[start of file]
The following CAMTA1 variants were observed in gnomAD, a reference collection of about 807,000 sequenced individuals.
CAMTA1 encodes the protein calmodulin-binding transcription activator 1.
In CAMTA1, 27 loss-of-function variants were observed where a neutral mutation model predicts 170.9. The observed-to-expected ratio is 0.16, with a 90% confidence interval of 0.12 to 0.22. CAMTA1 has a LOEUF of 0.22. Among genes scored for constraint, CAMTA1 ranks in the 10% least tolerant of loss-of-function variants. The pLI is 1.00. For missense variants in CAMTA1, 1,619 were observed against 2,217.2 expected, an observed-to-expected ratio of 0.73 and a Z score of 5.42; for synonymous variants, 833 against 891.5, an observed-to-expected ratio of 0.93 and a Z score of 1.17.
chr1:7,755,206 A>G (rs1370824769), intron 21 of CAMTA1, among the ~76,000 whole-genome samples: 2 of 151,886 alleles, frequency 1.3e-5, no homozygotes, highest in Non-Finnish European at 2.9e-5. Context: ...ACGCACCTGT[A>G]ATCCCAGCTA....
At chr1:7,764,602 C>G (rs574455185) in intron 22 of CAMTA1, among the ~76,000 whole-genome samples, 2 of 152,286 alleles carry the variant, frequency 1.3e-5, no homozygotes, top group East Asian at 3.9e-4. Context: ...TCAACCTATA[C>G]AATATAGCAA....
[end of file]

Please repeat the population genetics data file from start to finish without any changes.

The following CAMTA1 variants were observed in gnomAD, a reference collection of about 807,000 sequenced individuals.
CAMTA1 encodes the protein calmodulin-binding transcription activator 1.
In CAMTA1, 27 loss-of-function variants were observed where a neutral mutation model predicts 170.9. The observed-to-expected ratio is 0.16, with a 90% confidence interval of 0.12 to 0.22. CAMTA1 has a LOEUF of 0.22. Among genes scored for constraint, CAMTA1 ranks in the 10% least tolerant of loss-of-function variants. The pLI is 1.00. For missense variants in CAMTA1, 1,619 were observed against 2,217.2 expected, an observed-to-expected ratio of 0.73 and a Z score of 5.42; for synonymous variants, 833 against 891.5, an observed-to-expected ratio of 0.93 and a Z score of 1.17.
chr1:7,755,206 A>G (rs1370824769), intron 21 of CAMTA1, among the ~76,000 whole-genome samples: 2 of 151,886 alleles, frequency 1.3e-5, no homozygotes, highest in Non-Finnish European at 2.9e-5. Context: ...ACGCACCTGT[A>G]ATCCCAGCTA....
At chr1:7,764,602 C>G (rs574455185) in intron 22 of CAMTA1, among the ~76,000 whole-genome samples, 2 of 152,286 alleles carry the variant, frequency 1.3e-5, no homozygotes, top group East Asian at 3.9e-4. Context: ...TCAACCTATA[C>G]AATATAGCAA....